Background: Femoral shaft fractures result from high-energy trauma. Despite intramedullary nailing (IMN) representing the gold standard option of treatment, external fixation (EF) can be used temporarily for damage control or definitively. The purpose of this study is to compare two different options, anterograde IMN and monoaxial EF, for the treatment of femoral shaft fractures. Methods: Between January 2005 and December 2014, patients with femoral shaft fractures operated on in two centers were retrospectively evaluated and divided into two groups: the IMN group (n = 74), and the EF group (n = 73). For each group, sex; laterality; age; and AO classification type mean follow-up, mean union time, and complications were reported. Results: Both groups were found to have no statistical differences (p > 0.05) in sex, laterality, age, and AO classification types. In the IMN group the average surgery duration was 79.7 minutes (range 45–130). The average time for bone union was 26.9 weeks. Major complications occurred in 4 (5.4%) patients. In the EF group the average follow-up duration was 59.8 months (range 28–160). The average time for bone union was 24.0 weeks. Major complications occurred in 16 (21.9%) patients. Conclusions: IMN is the gold standard for definitive treatment of femoral shaft fractures. In patients with severe associated injuries, EF should be a good alternative.

Definitive Treatment of Femoral Shaft Fractures: Comparison between Anterograde Intramedullary Nailing and Monoaxial External Fixation

Testa, Gianluca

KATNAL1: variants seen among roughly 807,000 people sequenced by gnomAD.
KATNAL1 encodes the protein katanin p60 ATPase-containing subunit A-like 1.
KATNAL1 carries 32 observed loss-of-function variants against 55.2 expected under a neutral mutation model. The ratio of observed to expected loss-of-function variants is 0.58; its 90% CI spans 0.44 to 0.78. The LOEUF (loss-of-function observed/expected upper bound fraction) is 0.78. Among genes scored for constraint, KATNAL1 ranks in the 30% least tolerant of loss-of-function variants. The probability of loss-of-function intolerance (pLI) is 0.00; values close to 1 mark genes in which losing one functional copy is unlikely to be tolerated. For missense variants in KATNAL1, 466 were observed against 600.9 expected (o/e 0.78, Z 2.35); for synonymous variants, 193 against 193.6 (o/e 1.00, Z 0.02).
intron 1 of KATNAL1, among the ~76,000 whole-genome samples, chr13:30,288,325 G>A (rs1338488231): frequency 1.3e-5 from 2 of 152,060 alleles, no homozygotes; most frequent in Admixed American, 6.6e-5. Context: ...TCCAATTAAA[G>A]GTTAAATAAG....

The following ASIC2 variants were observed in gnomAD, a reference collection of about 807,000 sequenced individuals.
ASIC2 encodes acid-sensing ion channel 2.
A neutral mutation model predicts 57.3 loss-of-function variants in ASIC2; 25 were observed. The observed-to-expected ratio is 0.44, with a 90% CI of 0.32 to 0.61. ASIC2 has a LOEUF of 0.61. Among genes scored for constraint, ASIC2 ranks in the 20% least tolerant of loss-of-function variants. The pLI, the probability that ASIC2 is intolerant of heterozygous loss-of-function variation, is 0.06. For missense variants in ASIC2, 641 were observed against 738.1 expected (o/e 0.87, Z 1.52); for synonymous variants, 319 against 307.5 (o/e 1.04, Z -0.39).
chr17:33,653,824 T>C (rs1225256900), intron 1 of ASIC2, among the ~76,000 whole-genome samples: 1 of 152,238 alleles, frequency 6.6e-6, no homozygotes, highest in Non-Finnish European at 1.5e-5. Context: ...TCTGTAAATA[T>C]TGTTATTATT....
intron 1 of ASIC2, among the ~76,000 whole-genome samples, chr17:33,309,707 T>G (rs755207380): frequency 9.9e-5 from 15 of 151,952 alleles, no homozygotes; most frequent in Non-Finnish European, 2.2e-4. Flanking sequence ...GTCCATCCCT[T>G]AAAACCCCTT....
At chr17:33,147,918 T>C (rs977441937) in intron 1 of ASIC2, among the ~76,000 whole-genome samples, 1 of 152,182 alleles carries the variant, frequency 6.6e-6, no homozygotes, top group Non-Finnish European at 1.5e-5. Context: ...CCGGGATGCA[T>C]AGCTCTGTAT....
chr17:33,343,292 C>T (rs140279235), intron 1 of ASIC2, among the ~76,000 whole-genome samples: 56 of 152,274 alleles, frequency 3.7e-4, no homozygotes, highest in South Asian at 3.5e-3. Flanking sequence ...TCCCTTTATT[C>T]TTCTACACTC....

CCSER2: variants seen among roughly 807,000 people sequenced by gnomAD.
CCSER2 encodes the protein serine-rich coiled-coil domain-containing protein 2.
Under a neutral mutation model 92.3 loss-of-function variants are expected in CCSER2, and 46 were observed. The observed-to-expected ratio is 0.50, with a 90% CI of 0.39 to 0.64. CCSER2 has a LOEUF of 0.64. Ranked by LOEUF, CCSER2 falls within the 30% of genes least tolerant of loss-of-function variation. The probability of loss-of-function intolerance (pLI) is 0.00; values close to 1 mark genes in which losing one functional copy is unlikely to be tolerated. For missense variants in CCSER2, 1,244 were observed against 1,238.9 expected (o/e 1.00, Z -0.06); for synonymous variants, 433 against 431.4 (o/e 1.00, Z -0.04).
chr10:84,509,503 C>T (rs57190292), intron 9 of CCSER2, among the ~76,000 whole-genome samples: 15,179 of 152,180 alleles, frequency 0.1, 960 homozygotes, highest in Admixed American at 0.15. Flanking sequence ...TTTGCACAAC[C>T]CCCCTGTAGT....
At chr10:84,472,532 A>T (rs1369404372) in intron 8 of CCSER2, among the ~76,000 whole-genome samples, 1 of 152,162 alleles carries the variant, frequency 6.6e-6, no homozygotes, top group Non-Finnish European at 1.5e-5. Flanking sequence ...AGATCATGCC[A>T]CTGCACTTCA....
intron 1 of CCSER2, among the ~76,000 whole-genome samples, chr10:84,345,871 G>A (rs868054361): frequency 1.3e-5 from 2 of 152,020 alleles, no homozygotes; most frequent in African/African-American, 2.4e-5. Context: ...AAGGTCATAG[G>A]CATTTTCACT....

Writing – Original Draft Preparation
;
Vescio, Andrea;Papotto, Giacomo;Sessa, Giuseppe;Pavone, Vito
2019

Abstract

Background: Femoral shaft fractures result from high-energy trauma. Despite intramedullary nailing (IMN) representing the gold standard option of treatment, external fixation (EF) can be used temporarily for damage control or definitively. The purpose of this study is to compare two different options, anterograde IMN and monoaxial EF, for the treatment of femoral shaft fractures. Methods: Between January 2005 and December 2014, patients with femoral shaft fractures operated on in two centers were retrospectively evaluated and divided into two groups: the IMN group (n = 74), and the EF group (n = 73). For each group, sex; laterality; age; and AO classification type mean follow-up, mean union time, and complications were reported. Results: Both groups were found to have no statistical differences (p > 0.05) in sex, laterality, age, and AO classification types. In the IMN group the average surgery duration was 79.7 minutes (range 45–130). The average time for bone union was 26.9 weeks. Major complications occurred in 4 (5.4%) patients. In the EF group the average follow-up duration was 59.8 months (range 28–160). The average time for bone union was 24.0 weeks. Major complications occurred in 16 (21.9%) patients. Conclusions: IMN is the gold standard for definitive treatment of femoral shaft fractures. In patients with severe associated injuries, EF should be a good alternative.
femoral shaft fractures; polytrauma; anterograde intramedullary nailing; monoaxial external fixation
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Utilizza questo identificativo per citare o creare un link a questo documento: http://hdl.handle.net/20.500.11769/367439
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